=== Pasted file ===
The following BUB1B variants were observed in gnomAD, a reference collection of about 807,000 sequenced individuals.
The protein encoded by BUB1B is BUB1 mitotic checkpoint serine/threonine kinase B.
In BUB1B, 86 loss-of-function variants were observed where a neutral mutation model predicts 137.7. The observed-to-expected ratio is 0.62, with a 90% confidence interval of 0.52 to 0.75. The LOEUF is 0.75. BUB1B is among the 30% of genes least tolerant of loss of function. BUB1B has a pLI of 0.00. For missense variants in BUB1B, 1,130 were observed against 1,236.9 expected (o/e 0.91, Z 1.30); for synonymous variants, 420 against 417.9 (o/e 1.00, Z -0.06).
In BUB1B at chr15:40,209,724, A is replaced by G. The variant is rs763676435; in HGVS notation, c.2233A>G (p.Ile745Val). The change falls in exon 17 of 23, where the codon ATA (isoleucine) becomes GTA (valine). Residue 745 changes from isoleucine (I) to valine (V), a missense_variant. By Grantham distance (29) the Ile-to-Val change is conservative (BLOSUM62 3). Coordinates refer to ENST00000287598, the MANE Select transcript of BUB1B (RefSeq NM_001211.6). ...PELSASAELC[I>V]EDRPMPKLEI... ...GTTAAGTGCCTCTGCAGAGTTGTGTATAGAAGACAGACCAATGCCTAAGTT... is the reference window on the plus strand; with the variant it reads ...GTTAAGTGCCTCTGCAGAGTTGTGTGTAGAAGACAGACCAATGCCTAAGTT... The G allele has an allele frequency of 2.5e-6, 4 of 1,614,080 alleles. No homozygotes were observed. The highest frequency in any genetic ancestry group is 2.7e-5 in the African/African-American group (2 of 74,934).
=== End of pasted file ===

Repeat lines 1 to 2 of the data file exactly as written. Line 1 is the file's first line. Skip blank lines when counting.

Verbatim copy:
The following BUB1B variants were observed in gnomAD, a reference collection of about 807,000 sequenced individuals.
The protein encoded by BUB1B is BUB1 mitotic checkpoint serine/threonine kinase B.